Veteran healthcare advisor, Joe Lupica, chairman of Newpoint Healthcare Advisors, agrees that Stark's usefulness is diminished as the industry transitions to value-based payment models. "Many of the abuses of Stark come from the fee-for-service system itself," he says. "The closer we move to value-based payment, value-based payment itself will start to wipe out foul-smelling incentives."

Specific updates
At the Senate Finance Committee hearing in July, Mr. Mancino from Johns Hopkins said linguistic ambiguities in the physician self-referral law need to be eliminated and penalties under the law need to be more reasonable. Troy Barsky, a lawyer with Crowell & Moring, agreed. He urged lawmakers to change the proportionality of the penalty to the nature of the violation. This would allow provider organizations to avoid astronomical penalties for technical violations void of motive or intent. Mr. Barsky proposed imposing a fixed monetary penalty for such technical violations of Stark, rather than requiring a full refund of all Medicare payments related to prohibited referrals.

Although modernizing Stark Law would involve new exceptions and clarifications, it could also entail removing at least one existing exception: the in-office ancillary services exception.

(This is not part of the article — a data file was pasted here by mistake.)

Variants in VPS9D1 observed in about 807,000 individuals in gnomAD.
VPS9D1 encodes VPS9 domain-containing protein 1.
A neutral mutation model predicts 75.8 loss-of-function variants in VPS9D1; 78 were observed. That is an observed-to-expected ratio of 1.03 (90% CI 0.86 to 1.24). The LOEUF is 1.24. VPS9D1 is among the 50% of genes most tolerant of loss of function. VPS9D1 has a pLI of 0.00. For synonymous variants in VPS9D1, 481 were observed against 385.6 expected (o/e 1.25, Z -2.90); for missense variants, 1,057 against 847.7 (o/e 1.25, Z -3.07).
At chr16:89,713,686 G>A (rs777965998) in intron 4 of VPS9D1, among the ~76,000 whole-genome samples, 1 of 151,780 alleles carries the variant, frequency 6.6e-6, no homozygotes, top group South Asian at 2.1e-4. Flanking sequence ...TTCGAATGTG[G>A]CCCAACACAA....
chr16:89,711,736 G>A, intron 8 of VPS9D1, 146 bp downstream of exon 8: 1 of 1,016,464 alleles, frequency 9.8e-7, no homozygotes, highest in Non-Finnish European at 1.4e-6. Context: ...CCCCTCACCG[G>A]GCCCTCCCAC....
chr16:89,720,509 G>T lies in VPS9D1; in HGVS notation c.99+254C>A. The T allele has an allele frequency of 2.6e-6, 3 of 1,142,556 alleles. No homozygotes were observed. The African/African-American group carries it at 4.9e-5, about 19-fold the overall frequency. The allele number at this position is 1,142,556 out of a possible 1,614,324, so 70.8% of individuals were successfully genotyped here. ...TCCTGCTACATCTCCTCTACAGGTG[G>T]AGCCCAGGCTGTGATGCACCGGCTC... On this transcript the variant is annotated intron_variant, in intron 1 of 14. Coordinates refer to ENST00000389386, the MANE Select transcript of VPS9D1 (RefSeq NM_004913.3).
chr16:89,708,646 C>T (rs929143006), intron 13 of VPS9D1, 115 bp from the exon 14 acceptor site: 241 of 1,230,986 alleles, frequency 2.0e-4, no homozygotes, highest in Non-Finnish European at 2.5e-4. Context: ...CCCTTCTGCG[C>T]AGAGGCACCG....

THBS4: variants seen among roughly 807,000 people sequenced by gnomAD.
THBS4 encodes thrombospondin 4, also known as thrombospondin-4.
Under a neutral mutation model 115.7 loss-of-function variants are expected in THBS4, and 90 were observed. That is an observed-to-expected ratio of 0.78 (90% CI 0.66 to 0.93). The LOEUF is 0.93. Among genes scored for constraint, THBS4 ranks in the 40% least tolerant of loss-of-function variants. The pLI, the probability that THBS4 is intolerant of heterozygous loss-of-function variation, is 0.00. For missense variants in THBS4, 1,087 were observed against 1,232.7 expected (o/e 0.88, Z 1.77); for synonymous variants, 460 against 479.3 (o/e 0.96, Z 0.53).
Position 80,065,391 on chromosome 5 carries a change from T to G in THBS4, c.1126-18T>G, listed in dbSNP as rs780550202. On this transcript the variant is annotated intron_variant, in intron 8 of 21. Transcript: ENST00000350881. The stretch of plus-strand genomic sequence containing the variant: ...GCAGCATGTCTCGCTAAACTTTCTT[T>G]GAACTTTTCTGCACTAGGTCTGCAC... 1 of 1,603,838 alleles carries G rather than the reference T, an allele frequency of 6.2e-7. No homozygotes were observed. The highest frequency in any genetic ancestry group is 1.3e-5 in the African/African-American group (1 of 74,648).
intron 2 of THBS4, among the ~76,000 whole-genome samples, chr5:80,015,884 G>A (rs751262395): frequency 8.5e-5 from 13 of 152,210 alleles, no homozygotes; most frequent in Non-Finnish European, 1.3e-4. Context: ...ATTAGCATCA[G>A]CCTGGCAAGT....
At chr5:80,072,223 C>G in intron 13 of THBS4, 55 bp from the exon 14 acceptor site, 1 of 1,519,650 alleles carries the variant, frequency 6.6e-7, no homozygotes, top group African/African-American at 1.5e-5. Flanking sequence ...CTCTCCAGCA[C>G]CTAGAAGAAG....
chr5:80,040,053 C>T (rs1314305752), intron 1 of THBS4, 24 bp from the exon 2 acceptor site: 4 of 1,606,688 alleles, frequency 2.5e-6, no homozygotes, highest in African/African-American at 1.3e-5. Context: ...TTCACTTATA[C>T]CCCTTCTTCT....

Physicians and medical practices rely on this exception, as it allows "within-practice" referrals for designated health services. Mr. Barsky said this exception is contrary to healthcare reform efforts and "continues to incentivize in-office referrals and overutilization, making it less likely that these self-referring physicians will move to an integrated delivery model." Closing this loophole would incentivize physicians to move toward value-based models of care, he said.  

Time to examine the issue
Discussing the complexity of the physician self-referral law in 2014, Mr. Stark told The Wall Street Journal that lawyers are the one group of people who are satisfied with how the law played out. "I have every lawyer in town bowing gratitude to me for the work they got out of that law," Mr. Stark said. From a standpoint of self-interest and for the sake of their professions, few practicing lawyers would rally behind a full repeal, but most would say an update would be good for the system, says Mr. Luke.

That view is shared across the industry. Whether calling for a full repeal or just an amendment to bring the law up to date, now is the perfect time to examine whether healthcare law demands the same intensity of reform as healthcare payment and quality.